New Insights Into Chocolate Markets

Monday, November 13th, 2017

Chocolate is popular among consumers of all ages. What are the current trends of the chocolate market and what should manufacturers know? By Peter DeHasque, Group Chief Executive Officer, Taura Natural Ingredients

Chocolate is one of the most exciting in the global food industry. It is hard to think of a foodstuff that inspires such intense passion or is associated with sensual pleasure in quite the same way.

Although growth has recently been slow, demand for chocolate in Asia remains huge. In 2016, China consumed 202,000 tonnes, and Japan 174,000 tonnes.

Here we offer some insights into what is happening now in chocolate, both globally and in key Asia-Pacific markets.

Health: Permission To Indulge


Positive health news about cocoa has helped to validate chocolate. Just as research about resveratrol has changed attitudes to red wine, people who eat chocolate are feeling better about it.

For years, nuts were the ‘go-to’ ingredient in healthy chocolate products, but they are a source of fat and can be unstable in price. Fruit offers the same “halo” effect without those problems.

When you pair it with chocolate, especially if it is real fruit, you get the ideal treat—a delicious indulgence that you don’t have to feel guilty about.

Chocolate is generally more likely to be seen as a product with health-giving properties in Asian markets than in the west. In Japan, for example, rising awareness of the properties of nutrients such as polyphenols and flavonoids has allowed chocolate to be positioned as a healthy snack.


Chocolate As A Luxury


The perception of chocolate as a luxury item has driven demand for high-end products. This is particularly true in Japan, where sales of artisanal chocolate have recently outstripped mass market offerings. This is reflected in the amount Japanese consumers pay for chocolate—in recent years the average Japanese consumer spent US$22 per kilogram of chocolate, compared with a global average of US$14.

The trend is predicted to continue. “We expect more and more consumers to take chocolate as a luxury, rather than as a food. They will taste it as they do when taking wine and coffee,” one Asian manufacturer has said.

Nothing says luxury quite as much as a perfectly fine-tuned combination of chocolate with fruit, especially when the fruit is also seen as luxurious. That is why we are increasingly seeing ‘exotic’ fruits like mango, blood orange and passion fruit featuring in new products. Special fruit combinations like this justify premium pricing much more than the usual fruit and nut pairings.


Flavour And Texture Innovation


Across the world, consumers are seeking new sensual experiences. Manufacturers of confectionery are responding by getting increasingly adventurous. Not every innovation will have broad appeal (blue milk chocolate with bacon bits and grapes for example may not be to every consumer’s taste!) but clearly there is a lot of new thinking going on.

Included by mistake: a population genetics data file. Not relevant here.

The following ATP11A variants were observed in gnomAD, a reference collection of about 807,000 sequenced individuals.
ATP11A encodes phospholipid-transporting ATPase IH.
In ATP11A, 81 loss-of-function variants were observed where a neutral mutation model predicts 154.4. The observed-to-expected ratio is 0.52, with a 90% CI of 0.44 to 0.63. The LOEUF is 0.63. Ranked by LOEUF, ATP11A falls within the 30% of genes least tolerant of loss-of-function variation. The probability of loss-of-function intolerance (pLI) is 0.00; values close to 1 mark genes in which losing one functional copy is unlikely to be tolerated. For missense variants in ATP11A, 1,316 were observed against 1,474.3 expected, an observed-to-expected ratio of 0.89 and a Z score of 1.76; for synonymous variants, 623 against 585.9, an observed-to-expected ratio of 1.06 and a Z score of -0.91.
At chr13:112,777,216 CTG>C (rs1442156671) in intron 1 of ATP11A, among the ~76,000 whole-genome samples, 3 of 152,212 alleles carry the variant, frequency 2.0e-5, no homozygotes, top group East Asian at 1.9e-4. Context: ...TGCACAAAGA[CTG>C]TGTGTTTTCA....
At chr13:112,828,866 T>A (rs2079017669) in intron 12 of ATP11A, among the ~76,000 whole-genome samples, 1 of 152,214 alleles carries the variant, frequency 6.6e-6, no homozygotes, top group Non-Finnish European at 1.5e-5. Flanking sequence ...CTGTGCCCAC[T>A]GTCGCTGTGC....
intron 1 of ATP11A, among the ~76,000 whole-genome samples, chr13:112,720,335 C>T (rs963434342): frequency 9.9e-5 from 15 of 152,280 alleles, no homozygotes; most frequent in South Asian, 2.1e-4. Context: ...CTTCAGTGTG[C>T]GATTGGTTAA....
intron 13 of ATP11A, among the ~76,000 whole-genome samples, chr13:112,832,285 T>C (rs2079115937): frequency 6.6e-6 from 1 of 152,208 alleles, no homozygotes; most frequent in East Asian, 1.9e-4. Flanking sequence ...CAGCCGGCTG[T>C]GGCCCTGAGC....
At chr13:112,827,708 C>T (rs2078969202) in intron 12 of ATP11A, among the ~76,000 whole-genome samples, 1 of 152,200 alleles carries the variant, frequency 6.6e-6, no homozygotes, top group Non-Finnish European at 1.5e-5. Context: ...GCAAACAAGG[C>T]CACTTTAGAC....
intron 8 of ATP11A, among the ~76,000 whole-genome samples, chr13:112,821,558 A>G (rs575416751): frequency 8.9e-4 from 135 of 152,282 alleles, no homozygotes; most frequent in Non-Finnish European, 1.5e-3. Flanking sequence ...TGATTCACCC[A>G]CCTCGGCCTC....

Mostly it is about new flavours, but consumers want new texture sensations too. So we are seeing manufacturers combining the traditional chocolate ‘snap’ with chewy fruit, or with ancient grains like puffed quinoa or chia seeds.

There is plenty of experimentation going on in Asia-Pacific markets. Just look at current Kit Kat flavours in Japan: wasabi, sakura macha, purple yam, blueberry cheesecake, macha, chili pepper, strawberry cheesecake, green tea, Shinshu apple, red bean sandwich, strawberry tarte, pancake, black honey and orange, etc.

However, when it comes to flavour, simply being novel is not enough. If a flavour combination doesn’t work in its own right, consumers seeking a thrill will soon move on to the next new thing.


Bean To Bar


One of the consumer trends to watch in the food industry generally is a growing preference for ingredients that can be traced to a particular geographical region.

Manufacturers who can tell a story about the geographical origin of their ingredients—particularly if the area associated with high quality—will be rewarded by customers. To quote Mintel: “Consumers have been romanced by product origin, ingredients or inspiration stories.”

Making chocolate traceable, and bringing in local ingredients, helps consumers connect with products emotionally. As a proportion of new product launches globally, chocolate with cocoa origin claims rose from 1.8 percent in 2011 to 3.1 percent in 2015. Claims relating to cocoa from the Dominican Republic rose by 13 percent between 2011 and 2015, Peru by 28.7 percent, and Ecuador by 23.5 percent.

The trend has been labelled “bean to bar”, and it is particularly powerful in Japan. As one Japanese confectionery expert puts it: “Bean-to-bar, started by artisanal chocolate manufacturers, is a trend we cannot ignore. By adding it to our product lines, we want to catch new customers and expand sales.”


The Importance Of Seasons